Intro to Hacking

with Greg Osuri

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Process

Build, test, repeat


Instructor
Greg Osuri

Co-Founder of OverClock, Angel Hack & Hackathon.io, Coding & Hacking Expert

Lessons Learned

Developing quickly and getting to results is critical for a startup with limited cycles to burn.

Continuous delivery is taking a concept, building it and deploying it within 24 hours.

Transcript

Lesson: Intro to Hacking with Greg Osuri

Step: #3 The Process: Build, test, repeat

So, right now, if you look at why hacking is very important for innovation, it's because it's way easier to get data, collect data, process, host and also integrate with other products. If you think about what was five years ago, and what you see now, it's just beyond simpler.

With that in the marketplace I think, putting together something really fast, and getting to the results really fast. It's very important for a start-up. Especially because you want to have x amount of cycles that can burn, with the resources and the capital that you have at hand. You can't sit and expect people to like what you build, but rather you've got to ship your products really quick and take that pretty valuable feedback.

So it becomes extremely important for start-ups. If you look at enterprises, hackathons especially, are are the key innovation drivers, especially in for tech and non techs. If you look at PayPal. PayPal has a formal program, both in PayPal and Ebay that encourages people to build. To take time off from their regular work and everything, and go build one-off solutions because, they recognize the employees of PayPal are well connected with the competitor than the executive sitting on top.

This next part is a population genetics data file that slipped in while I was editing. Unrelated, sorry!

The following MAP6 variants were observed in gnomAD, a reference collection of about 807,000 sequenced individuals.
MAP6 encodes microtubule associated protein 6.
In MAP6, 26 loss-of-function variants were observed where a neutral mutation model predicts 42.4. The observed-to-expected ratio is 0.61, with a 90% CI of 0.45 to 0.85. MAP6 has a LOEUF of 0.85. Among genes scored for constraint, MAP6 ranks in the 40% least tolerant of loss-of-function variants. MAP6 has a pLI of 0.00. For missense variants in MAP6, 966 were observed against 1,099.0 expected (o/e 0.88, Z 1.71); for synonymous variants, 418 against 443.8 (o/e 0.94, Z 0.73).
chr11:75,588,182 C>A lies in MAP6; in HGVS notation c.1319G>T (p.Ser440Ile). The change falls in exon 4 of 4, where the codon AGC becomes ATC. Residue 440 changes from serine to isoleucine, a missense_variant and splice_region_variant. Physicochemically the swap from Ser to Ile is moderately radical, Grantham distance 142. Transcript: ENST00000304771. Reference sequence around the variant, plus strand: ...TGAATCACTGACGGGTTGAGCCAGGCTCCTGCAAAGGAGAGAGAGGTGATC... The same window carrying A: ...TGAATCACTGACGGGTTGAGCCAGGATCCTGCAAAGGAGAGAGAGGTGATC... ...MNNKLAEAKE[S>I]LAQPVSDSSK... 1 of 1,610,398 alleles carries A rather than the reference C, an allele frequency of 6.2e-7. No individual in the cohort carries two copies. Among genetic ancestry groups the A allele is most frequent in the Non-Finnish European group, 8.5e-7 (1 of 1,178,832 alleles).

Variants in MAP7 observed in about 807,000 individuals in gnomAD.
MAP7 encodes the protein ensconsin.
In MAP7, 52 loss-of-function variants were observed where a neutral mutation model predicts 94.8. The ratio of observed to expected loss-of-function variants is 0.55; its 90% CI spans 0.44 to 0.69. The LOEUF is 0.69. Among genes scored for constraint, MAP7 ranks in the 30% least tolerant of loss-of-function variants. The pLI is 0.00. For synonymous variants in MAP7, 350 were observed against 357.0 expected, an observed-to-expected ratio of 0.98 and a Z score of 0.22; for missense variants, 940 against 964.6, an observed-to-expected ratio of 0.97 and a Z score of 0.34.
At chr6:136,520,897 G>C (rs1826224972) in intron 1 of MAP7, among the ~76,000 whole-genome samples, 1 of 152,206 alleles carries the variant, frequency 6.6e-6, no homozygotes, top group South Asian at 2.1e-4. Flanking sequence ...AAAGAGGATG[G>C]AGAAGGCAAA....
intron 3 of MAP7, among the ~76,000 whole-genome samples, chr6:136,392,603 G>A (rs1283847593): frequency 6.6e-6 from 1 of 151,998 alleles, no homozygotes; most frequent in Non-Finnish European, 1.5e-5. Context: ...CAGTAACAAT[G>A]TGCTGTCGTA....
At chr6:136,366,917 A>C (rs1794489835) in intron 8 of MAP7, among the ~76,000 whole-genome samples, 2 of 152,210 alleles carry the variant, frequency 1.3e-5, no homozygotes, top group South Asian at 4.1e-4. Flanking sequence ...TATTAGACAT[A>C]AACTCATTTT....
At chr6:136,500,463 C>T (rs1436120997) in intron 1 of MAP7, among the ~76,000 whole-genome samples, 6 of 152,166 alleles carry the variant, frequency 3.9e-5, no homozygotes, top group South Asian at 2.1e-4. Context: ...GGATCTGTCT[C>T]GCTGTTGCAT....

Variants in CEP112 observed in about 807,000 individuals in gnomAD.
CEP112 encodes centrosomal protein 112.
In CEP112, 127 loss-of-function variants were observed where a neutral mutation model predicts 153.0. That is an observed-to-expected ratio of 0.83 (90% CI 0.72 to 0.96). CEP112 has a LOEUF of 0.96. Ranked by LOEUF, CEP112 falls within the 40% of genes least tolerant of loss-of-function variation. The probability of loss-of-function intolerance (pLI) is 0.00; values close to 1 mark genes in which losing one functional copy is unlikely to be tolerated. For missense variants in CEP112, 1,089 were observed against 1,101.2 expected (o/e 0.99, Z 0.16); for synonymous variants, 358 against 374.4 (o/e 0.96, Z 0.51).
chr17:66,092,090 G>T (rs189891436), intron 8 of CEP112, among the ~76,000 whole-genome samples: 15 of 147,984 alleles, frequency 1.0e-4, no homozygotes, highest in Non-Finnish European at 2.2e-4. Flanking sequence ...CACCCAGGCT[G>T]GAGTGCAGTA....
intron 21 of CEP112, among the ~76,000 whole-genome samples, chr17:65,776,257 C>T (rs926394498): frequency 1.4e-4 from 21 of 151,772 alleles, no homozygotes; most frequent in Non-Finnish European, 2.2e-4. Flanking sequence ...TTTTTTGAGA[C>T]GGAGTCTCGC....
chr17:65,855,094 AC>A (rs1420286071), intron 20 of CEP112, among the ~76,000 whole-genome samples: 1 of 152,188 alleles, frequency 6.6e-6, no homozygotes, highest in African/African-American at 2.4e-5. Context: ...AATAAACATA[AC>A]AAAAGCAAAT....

PayPal's point-of-sales system came out from a hackathon. An employee of PayPal hacked it up, presented it to the board, the judges were all, you know, PayPal members and they were like, "Yeah, this is great". They went and formulated a product around it. You don't get that sitting on a board room.

Continuous delivery is a phenomenon where your entire organization including – most certainly the development, but also including infrastructure is delivered on a continuous basis. So it's making changes, adding stuff and removing stuff from your infrastructure from your code and being able to deploy that and see it immediately in production, is what continuous delivery means.

So, I'll give you an example. We had a formal process, we have six people on the team and we had this agile process where we write a story and someone estimates in a point system, using a pivotal tracker. We associate one point for about two hours and about two points for about four hours and three points and so on and so forth. People start working on it, people contribute to the code. The moment you push your code to the code repository, it gets deployed into service and immediately our users get to see the feature.

The feature will have been cooked up, literally, I would have thought about it a night before - and the next thing I do is write this requirement and before I go back to sleep, I have that introduction in front of users.

So, I think that is continuous delivery in my sense, getting the speed, which is super essential for running a start-up.

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